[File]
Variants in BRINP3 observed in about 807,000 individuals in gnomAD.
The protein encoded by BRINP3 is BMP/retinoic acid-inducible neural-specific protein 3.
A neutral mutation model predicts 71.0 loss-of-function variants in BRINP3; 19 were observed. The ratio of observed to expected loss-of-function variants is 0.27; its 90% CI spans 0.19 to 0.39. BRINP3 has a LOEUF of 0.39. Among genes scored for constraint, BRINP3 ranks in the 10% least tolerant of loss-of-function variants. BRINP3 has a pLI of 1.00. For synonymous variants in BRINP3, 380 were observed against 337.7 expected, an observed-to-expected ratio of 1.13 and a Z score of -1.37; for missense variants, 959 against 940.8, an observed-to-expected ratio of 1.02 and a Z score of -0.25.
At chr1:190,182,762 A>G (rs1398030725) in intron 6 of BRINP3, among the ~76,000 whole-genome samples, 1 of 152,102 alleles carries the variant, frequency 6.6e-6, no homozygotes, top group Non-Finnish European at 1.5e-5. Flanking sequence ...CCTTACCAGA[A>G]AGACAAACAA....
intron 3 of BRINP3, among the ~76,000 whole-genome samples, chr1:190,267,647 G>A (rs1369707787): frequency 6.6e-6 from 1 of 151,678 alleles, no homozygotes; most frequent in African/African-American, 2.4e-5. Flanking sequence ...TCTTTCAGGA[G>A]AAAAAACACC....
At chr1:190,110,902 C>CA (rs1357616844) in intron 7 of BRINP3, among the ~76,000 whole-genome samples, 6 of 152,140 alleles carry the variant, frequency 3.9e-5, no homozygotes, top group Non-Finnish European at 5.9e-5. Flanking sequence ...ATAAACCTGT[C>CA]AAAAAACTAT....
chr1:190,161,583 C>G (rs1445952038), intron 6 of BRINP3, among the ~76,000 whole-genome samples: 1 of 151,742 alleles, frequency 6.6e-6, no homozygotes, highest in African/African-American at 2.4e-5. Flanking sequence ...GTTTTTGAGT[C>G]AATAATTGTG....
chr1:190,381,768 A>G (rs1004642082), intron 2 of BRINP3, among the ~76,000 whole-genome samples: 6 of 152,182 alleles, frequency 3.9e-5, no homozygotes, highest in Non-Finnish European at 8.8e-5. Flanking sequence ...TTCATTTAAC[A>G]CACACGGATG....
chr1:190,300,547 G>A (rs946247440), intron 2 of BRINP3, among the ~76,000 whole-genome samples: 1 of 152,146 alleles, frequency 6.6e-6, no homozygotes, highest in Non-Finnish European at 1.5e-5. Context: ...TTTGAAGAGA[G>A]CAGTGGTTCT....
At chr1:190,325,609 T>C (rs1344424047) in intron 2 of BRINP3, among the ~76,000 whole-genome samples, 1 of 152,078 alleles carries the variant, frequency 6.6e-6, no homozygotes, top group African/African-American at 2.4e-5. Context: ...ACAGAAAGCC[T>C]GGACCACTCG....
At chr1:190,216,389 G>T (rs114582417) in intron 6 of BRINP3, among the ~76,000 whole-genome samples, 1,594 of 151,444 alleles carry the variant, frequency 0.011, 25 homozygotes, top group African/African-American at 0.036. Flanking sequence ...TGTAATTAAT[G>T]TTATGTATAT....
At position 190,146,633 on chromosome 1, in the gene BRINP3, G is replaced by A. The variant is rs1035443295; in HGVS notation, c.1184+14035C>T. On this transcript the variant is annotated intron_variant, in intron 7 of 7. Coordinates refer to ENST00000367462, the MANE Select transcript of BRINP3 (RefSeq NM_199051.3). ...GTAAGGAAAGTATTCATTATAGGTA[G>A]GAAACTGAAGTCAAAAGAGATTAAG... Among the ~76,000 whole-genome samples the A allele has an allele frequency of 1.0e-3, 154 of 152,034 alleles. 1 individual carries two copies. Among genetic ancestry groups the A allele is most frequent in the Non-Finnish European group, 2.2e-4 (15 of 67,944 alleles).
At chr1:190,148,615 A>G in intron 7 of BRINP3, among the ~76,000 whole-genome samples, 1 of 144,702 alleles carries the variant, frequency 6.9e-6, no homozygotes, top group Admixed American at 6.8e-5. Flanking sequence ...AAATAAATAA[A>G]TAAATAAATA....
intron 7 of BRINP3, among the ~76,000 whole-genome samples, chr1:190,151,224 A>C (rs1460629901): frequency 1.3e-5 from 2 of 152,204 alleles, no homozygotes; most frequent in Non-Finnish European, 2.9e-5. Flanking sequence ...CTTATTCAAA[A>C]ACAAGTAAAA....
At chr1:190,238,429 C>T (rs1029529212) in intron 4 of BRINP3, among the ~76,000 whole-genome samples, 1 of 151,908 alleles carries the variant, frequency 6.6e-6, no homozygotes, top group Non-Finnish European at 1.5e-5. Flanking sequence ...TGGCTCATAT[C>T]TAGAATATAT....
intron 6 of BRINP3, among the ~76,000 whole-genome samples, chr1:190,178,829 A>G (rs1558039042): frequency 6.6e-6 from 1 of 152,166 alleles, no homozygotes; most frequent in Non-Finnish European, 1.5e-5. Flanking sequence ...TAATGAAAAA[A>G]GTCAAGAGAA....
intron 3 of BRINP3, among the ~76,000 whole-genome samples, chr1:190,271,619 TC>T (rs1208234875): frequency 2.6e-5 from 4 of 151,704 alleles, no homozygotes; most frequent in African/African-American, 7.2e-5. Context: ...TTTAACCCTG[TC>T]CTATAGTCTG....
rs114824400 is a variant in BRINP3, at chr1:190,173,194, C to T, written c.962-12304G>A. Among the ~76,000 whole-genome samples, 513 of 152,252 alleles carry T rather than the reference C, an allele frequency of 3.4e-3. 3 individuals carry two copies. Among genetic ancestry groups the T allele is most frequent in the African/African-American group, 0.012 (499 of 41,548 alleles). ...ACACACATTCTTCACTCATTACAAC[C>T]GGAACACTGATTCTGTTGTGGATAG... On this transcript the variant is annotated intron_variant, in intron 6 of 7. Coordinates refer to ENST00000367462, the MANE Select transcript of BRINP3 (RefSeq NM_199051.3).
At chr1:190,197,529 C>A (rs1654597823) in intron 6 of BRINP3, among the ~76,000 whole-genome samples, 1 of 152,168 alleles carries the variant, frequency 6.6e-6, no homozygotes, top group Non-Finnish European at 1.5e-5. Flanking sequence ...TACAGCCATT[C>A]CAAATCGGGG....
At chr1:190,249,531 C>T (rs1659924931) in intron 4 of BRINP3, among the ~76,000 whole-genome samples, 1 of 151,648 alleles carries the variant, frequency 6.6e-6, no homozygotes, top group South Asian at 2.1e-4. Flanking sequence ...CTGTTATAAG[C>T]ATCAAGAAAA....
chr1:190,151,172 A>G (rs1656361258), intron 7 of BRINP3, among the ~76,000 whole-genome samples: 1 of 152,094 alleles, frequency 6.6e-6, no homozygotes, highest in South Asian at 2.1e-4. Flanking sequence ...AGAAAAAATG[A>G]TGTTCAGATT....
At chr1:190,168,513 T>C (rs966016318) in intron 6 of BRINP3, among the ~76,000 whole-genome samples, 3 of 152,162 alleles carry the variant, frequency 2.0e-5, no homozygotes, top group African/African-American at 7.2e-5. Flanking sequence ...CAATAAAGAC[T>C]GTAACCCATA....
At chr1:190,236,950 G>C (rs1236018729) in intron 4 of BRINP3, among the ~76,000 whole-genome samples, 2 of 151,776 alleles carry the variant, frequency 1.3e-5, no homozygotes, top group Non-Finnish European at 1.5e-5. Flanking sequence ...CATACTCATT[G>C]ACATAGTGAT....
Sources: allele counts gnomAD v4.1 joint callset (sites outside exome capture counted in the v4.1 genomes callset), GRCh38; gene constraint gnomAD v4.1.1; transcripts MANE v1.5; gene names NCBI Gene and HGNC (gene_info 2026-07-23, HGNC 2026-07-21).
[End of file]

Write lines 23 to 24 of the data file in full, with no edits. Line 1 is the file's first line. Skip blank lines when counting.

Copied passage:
At chr1:190,236,950 G>C (rs1236018729) in intron 4 of BRINP3, among the ~76,000 whole-genome samples, 2 of 151,776 alleles carry the variant, frequency 1.3e-5, no homozygotes, top group Non-Finnish European at 1.5e-5. Flanking sequence ...CATACTCATT[G>C]ACATAGTGAT....
Sources: allele counts gnomAD v4.1 joint callset (sites outside exome capture counted in the v4.1 genomes callset), GRCh38; gene constraint gnomAD v4.1.1; transcripts MANE v1.5; gene names NCBI Gene and HGNC (gene_info 2026-07-23, HGNC 2026-07-21).